Garden Planner: Mar/Apr 2006

Everything you need to know to get your garden ready for spring.

In March, plant Dahlia tubers for stunning summer blooms and finish pruning evergreens (below).


Your March/April Checklist

MARCH

* Remember, March 14 is our average last frost date, but don’t rely on it; we often have a late freeze in the final days of March and even April.

* Finish pruning evergreens and summer flowering trees such as crape myrtles by early March.

* Prepare beds for summer vegetables and flowers.

* Dig and divide summer and fall flowering perennials, bulbs, and rhizomes before they emerge and begin their spring growth.

* Order caladium tubers. Fertilize azaleas and camellias after they finish blooming.

* Try using Osmocote Outdoor & Indoor Smart Release Plant Food for easy and effective rose feeding. Plant container-grown roses, shrubs, and trees.

* Plant dahlia tubers in rich, well-drained soil.

* Begin planting hardy vegetables such as eggplant, cucumbers, lettuce, tomatoes, and peppers.

* Repot houseplants that have outgrown their containers.

* Fertilize pansies for a final flush of blooms.

* Begin to set out summer annuals in mid to late March.

* Begin to seed Bermuda grass and sod St. Augustine.

* Take advantage of your last chance to sow seeds of cosmos, larkspur, and poppies.

* Turn compost and add a little fertilizer to it.

* Do preventative treatment for black spot and mildew with a fungicide such as Fertilome Systemic Fungicide. It is easier to prevent infection than to stop once it has started.

* Watch for aphids, lace bugs, and scale insects on azaleas, and treat immediately before infestation becomes severe.


APRIL

* It is too late for bare root stock, but container-grown and B&B (balled and burlapped) specimens are plentiful.

* Look over established annuals and perennials, and deadhead to perpetuate blooming.

* Watch for black spot on roses and treat with a fungicide such as Fertilome Systemic Fungicide when symptoms appear.

* After they finish blooming, prune climbing roses, forsythia, quince, and Indian hawthorn.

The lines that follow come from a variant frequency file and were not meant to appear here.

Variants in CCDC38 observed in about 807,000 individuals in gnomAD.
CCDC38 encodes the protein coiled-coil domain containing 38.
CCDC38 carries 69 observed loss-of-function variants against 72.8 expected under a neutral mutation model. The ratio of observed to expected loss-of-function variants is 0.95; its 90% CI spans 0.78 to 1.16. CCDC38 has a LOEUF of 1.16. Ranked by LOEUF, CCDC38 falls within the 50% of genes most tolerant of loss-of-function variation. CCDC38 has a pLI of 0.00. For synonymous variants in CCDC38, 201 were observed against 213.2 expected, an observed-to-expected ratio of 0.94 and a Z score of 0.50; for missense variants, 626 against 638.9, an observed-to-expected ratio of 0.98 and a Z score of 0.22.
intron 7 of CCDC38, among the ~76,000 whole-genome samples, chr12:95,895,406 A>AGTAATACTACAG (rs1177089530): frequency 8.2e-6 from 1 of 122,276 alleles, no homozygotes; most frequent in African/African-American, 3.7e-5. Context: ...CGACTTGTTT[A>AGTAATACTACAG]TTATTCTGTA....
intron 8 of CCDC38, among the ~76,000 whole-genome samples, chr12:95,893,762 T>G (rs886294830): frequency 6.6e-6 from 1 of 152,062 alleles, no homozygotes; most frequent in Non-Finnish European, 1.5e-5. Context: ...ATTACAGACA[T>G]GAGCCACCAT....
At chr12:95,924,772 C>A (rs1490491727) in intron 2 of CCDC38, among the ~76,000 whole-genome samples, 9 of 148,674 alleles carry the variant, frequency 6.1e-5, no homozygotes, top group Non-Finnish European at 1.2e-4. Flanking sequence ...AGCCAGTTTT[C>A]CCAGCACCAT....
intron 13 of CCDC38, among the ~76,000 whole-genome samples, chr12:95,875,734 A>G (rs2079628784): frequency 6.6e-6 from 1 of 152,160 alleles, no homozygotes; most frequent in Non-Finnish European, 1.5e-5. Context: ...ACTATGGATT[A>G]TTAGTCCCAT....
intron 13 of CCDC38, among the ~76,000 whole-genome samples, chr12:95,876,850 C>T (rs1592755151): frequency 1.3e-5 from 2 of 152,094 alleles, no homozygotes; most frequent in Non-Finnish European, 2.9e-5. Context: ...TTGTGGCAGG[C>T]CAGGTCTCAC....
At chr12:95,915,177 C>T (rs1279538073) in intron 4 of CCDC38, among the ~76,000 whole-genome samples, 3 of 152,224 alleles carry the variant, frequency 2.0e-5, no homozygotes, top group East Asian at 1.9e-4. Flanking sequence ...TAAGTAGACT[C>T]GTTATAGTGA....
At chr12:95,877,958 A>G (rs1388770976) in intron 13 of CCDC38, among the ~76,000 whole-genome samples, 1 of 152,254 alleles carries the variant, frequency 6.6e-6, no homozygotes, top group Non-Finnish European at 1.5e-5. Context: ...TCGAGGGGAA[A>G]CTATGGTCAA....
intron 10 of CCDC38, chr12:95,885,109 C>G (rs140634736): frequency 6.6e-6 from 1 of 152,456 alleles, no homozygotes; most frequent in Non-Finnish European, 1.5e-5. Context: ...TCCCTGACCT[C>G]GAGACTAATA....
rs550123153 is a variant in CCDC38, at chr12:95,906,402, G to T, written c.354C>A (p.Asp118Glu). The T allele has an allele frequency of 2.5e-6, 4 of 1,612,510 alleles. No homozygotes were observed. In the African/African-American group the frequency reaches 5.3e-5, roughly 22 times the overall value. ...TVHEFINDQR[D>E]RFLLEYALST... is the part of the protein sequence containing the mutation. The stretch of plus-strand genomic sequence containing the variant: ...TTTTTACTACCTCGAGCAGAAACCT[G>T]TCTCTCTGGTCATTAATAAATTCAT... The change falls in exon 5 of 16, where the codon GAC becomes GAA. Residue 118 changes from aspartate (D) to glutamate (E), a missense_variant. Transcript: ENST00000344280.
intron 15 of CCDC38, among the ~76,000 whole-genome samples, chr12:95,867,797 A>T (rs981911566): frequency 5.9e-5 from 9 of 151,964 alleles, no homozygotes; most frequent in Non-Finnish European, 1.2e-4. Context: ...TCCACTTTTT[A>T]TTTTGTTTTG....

* Some evergreen plants shed old leaves this time of year, so don’t be alarmed if leaves on your magnolias, photinia, abelia, ligustrum, gardenia, and pittosporum turn yellow and drop off.

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A Garden Stroll

The Colleyville Garden Club’s tour features gardens built from scratch, including one (below) that was a horse pasture eight years ago and another (above) that incorporates 65,000 tons of rock.

Looking for ideas for the back yard? Then check out the COLLEYVILLE GARDEN CLUB’S PROMENADE GARDEN TOUR on April 30 from 11 a.m. to 4 p.m. View four gardens that have been cultivated from blank slates to garden sanctuaries. Along the tour, you’ll see koi ponds, one garden with 80 different types of perennials, and a mountain escape that incorporated 65,000 tons of rock. There’s also a shade garden, which shows off which plants to use when sunshine is limited. But the real attractions are the garden club members who serve as hostesses of the tour and are on hand to answer any questions attendees might have. Along with spectacular scenery, visit an educational exhibit on attracting birds to your yard, a plant sale, and a raffle. And be sure to keep an eye out for a backyard look you love. Plants are labeled for easy identification, and if you can’t buy the plant there, hostesses will point you in the right direction. Admission is $10 in advance and $12 at the event. For more information, visit www.colleyvillegardenclub.org.             
–  Hannah Seddelmeyer

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